National commission to tackle Scotland’s ashes scandal

Mortonhall Crematorium was found to have buried babies' ashes in secret for decades. Picture: Bill Henry/TSPL
Mortonhall Crematorium was found to have buried babies' ashes in secret for decades. Picture: Bill Henry/TSPL
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A NATIONAL commission is to be established to investigate the unfolding scandal surrounding the disposal of babies’ ashes without their parents’ permission across Scotland.

• Independent commission will investigate failings and come up with proposals to ensure new approach is implemented

• In December it emerged that Edinburgh’s Mortonhall Crematorium had secretly buried babies’ ashes for decades

The Scottish Government announced that new laws will be introduced after the commission reports later this year to ensure a regime more “sensitive” to families is implemented.

But parents caught up in the tragedy said the move does not go far enough and have vowed to fight on for a full public inquiry into the row.

It emerged in December that Edinburgh’s Mortonhall Crematorium had secretly buried hundreds of babies’ ashes for decades.

Further cases have now emerged in Glasgow, Aberdeen and Falkirk and police are investigating whether criminal offences have been committed.

Public health minister Michael Matheson yesterday announced plans for an independent commission looking into the “practices and policies” which led to the current situation.

But the commission is unlikely to go into individual cases and the government was accused of a U-turn because Deputy First Minister Nicola Sturgeon had previously said that it was down to local councils to hold their own inquiries.

Mr Matheson insisted yesterday that councils should still investigate concerns at local crematoriums and urged Glasgow to undertake an inquiry after complaints that babies’ ashes were being scattered without parents’ permission.

“Losing a child is an extremely traumatic experience and it is absolutely crucial that families are treated sensitively and given the support and information they need,” he told MSPs yesterday.

“I believe that the recent cases of the treatment of ashes of very young children demonstrate that the existing legislation and current industry practice is falling short of what the public deserves. I’m establishing an independent commission to examine the policies and practices in place for handling ashes and cremated remains.”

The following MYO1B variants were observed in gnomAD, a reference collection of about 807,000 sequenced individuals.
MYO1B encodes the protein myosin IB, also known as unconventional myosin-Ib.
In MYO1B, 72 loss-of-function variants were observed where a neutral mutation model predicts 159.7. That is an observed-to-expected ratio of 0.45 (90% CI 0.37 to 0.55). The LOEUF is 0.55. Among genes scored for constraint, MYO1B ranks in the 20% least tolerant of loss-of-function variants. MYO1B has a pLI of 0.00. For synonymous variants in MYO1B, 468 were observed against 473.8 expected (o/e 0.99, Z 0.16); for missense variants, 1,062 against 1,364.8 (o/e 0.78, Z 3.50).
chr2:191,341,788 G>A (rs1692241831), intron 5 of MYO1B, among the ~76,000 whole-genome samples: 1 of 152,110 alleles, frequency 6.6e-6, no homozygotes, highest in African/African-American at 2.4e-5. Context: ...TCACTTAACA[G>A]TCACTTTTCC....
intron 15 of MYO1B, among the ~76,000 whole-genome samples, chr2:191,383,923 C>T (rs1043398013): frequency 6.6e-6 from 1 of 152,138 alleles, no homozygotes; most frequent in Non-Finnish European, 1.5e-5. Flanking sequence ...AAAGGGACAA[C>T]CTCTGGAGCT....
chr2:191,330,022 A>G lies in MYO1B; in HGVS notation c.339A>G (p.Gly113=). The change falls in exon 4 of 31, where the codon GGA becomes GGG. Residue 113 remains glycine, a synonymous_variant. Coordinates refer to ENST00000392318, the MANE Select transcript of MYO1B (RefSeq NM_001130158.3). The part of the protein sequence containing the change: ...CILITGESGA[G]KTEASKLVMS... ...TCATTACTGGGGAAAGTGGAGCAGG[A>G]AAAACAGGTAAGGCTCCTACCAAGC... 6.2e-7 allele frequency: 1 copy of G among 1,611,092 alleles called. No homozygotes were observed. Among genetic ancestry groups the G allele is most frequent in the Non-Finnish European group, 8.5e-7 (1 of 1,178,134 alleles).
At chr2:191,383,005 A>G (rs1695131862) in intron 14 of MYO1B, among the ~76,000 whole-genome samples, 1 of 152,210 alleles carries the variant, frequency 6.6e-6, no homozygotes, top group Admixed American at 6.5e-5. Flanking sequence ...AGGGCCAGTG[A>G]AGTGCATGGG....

The commission will make recommendations by the end of the year to inform “new legislation and guidance on cremation and burials”.

However, campaigners said that establishing a commission to investigate the scandal did not go far enough.

Willie Reid, chairman of the Mortonhall Ashes Action Committee, said: “We welcome the fact the government are taking notice, but it’s two steps short of what’s required.

“We need a public inquiry because this commission is not going to look into individual cases, so individual parents are not going to get answers.

“We welcome the change in legislation, but parents have to be involved in that. They need to know their experiences and hear their voice – what went wrong and what needs to be done in the future to make it right.”

Phyllis Little, 53, did not receive any ashes from the cremation of her 11-month-old son in 1995 and said yesterday that she is still “wary” about announcements by the authorities.

“You thought back then that you were somehow protected by laws over these things but it turns out that it’s even worse than we thought – and different depending where you were,” she said. “If they can tell you that there aren’t any ashes, and there are ashes, that’s unbelievable.

“It’s got to be looked into, what went on, for the future – but how are you going to get back people’s trust?”

Former Lord Advocate Dame Elish Angiolini was appointed to lead an investigation into the disposal of baby ashes at Mortonhall. It is thought that the practice was carried out from the 1960s until 2011.

This month, it was revealed that Aberdeen did not return ashes for babies up to 18 months old, while two babies’ ashes had been disposed of secretly in Glasgow. Another case has been reported in Falkirk. Police have received 30 complaints relating to cases where it is claimed that the ashes of deceased babies were disposed of without the knowledge of parents.

Dorothy Maitland, of stillbirth and neonatal death charity Sands which helped uncover the scandal, discovered in December that the ashes of her daughter Kaelen were interred in the ground at Mortonhall – 26 years after she was told there would be nothing for her to collect after the funeral.

She said: “The problem is that parents who don’t know where their babies’ ashes are, don’t know what happened to their baby, they need that information. In my opinion a public inquiry is the only thing that will satisfy these parents.”

Labour’s health spokesman Jackie Baillie described the commission as a “partial U-turn” by the Scottish Government.

She added: “The scandal of the disposal of ashes isn’t just limited to one crematorium. It is clear that poor practice and standards existed across Scotland. The Scottish Government needs to set up an inquiry which looks at what happened and gives parents a voice and an opportunity to be heard.”

But Liberal Democrat health spokesman Jim Hume said the creation of a commission puts the “needs and wishes of bereaved parents first”.